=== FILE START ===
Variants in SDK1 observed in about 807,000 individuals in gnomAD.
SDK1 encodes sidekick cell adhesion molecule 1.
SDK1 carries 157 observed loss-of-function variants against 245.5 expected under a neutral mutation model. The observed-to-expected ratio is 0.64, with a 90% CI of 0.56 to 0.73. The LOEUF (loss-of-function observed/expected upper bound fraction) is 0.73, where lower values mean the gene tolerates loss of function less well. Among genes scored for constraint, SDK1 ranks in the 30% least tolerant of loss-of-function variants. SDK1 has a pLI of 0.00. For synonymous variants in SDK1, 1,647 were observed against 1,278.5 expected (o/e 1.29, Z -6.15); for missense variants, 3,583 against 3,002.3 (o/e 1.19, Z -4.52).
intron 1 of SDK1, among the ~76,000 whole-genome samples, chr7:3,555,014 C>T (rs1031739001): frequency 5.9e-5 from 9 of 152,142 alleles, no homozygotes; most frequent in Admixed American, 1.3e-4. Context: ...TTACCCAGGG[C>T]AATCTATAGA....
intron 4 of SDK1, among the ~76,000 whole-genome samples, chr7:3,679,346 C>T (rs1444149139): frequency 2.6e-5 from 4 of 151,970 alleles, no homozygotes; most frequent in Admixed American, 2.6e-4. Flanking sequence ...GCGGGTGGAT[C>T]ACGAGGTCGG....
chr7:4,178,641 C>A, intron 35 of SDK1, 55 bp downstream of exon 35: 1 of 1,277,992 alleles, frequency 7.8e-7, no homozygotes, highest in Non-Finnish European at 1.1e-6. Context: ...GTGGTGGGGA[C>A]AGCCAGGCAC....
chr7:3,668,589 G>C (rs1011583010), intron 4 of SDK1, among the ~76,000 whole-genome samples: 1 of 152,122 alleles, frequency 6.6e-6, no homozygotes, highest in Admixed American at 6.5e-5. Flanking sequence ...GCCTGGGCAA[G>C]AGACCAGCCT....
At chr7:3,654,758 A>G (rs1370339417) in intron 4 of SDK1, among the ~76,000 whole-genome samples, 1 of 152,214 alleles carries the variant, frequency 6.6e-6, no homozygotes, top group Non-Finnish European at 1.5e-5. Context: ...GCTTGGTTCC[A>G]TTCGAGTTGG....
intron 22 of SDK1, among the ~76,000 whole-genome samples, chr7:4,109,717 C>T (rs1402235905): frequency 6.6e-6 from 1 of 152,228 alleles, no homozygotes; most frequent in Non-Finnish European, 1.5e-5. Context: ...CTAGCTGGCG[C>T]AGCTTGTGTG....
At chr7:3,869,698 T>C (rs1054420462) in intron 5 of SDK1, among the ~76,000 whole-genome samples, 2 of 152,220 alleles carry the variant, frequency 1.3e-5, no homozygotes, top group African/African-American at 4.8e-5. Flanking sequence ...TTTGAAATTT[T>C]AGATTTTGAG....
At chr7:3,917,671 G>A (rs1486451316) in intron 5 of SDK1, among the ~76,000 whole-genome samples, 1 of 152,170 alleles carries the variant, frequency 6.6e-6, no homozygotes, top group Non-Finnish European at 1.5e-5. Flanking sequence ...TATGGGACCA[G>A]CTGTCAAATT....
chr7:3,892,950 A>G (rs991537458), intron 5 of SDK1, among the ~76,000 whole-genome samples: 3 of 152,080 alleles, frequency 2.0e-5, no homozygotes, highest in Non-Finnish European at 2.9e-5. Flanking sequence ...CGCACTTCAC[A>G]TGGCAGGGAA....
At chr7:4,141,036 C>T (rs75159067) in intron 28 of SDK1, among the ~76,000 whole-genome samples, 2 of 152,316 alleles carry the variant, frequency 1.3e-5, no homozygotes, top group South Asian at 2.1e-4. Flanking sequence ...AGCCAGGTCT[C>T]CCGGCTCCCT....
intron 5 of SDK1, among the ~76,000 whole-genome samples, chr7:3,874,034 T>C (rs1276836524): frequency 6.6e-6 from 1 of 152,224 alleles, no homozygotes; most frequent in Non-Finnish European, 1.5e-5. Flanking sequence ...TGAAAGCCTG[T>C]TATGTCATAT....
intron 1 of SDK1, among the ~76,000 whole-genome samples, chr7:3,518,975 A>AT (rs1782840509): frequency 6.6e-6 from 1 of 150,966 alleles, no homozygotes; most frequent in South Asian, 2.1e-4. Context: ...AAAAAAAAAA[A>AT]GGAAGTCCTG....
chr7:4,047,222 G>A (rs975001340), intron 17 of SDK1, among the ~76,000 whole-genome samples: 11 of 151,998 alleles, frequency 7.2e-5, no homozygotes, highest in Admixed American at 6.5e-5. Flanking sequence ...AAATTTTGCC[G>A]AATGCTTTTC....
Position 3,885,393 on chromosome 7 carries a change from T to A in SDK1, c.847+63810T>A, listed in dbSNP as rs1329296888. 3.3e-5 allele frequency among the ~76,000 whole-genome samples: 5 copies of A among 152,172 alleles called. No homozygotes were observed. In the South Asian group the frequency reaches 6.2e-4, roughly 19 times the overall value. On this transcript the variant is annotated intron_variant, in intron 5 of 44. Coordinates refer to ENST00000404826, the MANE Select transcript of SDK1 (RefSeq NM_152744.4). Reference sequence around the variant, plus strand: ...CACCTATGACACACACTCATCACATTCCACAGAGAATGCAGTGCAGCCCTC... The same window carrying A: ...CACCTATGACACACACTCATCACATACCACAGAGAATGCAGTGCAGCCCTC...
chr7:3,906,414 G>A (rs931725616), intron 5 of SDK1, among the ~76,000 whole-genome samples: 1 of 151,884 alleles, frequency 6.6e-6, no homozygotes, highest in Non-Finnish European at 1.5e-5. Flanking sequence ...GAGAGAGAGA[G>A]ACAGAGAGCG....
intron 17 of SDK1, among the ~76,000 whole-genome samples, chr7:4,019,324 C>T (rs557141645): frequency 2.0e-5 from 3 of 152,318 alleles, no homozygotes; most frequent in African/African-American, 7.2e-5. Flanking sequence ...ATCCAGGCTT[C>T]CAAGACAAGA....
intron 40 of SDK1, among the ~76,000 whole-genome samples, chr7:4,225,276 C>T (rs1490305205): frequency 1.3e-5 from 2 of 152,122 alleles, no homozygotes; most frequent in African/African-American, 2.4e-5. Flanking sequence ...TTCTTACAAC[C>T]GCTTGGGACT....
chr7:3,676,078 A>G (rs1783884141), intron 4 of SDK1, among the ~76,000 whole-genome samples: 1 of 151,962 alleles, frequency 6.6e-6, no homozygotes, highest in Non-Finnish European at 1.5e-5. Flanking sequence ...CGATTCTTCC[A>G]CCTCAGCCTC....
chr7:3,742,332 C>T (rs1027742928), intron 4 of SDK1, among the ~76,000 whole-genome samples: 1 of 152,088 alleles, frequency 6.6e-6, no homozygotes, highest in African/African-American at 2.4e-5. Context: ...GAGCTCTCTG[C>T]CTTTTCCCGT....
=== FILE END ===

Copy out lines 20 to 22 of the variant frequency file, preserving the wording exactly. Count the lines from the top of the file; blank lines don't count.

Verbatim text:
intron 40 of SDK1, among the ~76,000 whole-genome samples, chr7:4,225,276 C>T (rs1490305205): frequency 1.3e-5 from 2 of 152,122 alleles, no homozygotes; most frequent in African/African-American, 2.4e-5. Flanking sequence ...TTCTTACAAC[C>T]GCTTGGGACT....
chr7:3,676,078 A>G (rs1783884141), intron 4 of SDK1, among the ~76,000 whole-genome samples: 1 of 151,962 alleles, frequency 6.6e-6, no homozygotes, highest in Non-Finnish European at 1.5e-5. Flanking sequence ...CGATTCTTCC[A>G]CCTCAGCCTC....
chr7:3,742,332 C>T (rs1027742928), intron 4 of SDK1, among the ~76,000 whole-genome samples: 1 of 152,088 alleles, frequency 6.6e-6, no homozygotes, highest in African/African-American at 2.4e-5. Context: ...GAGCTCTCTG[C>T]CTTTTCCCGT....